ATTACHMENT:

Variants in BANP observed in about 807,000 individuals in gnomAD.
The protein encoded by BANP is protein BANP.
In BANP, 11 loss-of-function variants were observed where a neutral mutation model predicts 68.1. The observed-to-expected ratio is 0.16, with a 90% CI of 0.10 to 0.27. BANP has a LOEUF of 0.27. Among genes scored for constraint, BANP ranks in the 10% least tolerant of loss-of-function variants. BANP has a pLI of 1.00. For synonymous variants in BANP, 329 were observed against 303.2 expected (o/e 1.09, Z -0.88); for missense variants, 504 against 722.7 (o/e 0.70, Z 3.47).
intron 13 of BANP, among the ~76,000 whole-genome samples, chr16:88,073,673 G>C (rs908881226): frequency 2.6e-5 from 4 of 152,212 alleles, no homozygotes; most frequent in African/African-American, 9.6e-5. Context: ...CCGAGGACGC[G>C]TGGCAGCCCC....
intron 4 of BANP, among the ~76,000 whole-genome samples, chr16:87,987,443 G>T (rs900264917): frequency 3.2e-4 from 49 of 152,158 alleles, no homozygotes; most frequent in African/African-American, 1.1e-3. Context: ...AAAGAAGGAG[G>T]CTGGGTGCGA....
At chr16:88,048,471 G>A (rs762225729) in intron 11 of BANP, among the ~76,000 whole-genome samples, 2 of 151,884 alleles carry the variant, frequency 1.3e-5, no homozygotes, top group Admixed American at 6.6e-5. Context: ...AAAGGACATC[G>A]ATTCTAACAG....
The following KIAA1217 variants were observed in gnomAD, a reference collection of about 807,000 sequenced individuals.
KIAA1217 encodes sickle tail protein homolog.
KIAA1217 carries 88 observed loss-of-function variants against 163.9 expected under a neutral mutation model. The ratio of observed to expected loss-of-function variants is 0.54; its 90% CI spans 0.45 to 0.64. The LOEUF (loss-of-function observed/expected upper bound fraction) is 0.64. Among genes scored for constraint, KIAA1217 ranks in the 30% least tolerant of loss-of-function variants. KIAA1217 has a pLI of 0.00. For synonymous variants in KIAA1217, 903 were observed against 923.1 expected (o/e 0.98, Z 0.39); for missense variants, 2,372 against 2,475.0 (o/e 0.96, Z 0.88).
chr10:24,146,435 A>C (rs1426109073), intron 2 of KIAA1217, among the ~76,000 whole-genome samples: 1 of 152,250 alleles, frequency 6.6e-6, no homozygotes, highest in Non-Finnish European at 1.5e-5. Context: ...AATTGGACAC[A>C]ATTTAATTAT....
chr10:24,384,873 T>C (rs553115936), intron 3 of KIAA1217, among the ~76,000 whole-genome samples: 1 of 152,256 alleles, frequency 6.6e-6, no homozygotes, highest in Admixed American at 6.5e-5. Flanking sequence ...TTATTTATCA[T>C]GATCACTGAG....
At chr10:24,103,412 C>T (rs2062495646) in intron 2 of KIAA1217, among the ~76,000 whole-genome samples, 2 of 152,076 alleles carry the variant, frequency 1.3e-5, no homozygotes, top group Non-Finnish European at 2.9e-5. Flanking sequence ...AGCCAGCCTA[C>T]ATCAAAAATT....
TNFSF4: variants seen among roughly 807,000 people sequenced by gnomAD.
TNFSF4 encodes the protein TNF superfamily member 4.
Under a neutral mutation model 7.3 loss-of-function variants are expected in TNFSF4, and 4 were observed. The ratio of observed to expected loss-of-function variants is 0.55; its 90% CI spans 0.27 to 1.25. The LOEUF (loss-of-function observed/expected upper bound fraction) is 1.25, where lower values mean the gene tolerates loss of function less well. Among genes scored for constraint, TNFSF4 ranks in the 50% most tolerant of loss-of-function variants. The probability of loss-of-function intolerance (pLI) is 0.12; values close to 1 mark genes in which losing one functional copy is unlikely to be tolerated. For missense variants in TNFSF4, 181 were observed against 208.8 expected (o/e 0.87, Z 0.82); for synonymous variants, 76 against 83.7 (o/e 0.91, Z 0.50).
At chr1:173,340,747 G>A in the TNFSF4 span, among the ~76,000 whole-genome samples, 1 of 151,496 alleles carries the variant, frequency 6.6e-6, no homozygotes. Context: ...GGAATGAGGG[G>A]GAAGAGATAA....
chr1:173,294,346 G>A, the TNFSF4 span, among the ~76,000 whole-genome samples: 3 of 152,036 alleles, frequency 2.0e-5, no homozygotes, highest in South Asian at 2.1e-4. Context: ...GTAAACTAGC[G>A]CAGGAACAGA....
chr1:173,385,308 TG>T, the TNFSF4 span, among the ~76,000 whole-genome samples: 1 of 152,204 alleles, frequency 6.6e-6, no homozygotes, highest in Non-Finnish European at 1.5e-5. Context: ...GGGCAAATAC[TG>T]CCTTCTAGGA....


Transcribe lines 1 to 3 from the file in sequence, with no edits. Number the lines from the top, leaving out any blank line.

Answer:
Variants in BANP observed in about 807,000 individuals in gnomAD.
The protein encoded by BANP is protein BANP.
In BANP, 11 loss-of-function variants were observed where a neutral mutation model predicts 68.1. The observed-to-expected ratio is 0.16, with a 90% CI of 0.10 to 0.27. BANP has a LOEUF of 0.27. Among genes scored for constraint, BANP ranks in the 10% least tolerant of loss-of-function variants. BANP has a pLI of 1.00. For synonymous variants in BANP, 329 were observed against 303.2 expected (o/e 1.09, Z -0.88); for missense variants, 504 against 722.7 (o/e 0.70, Z 3.47).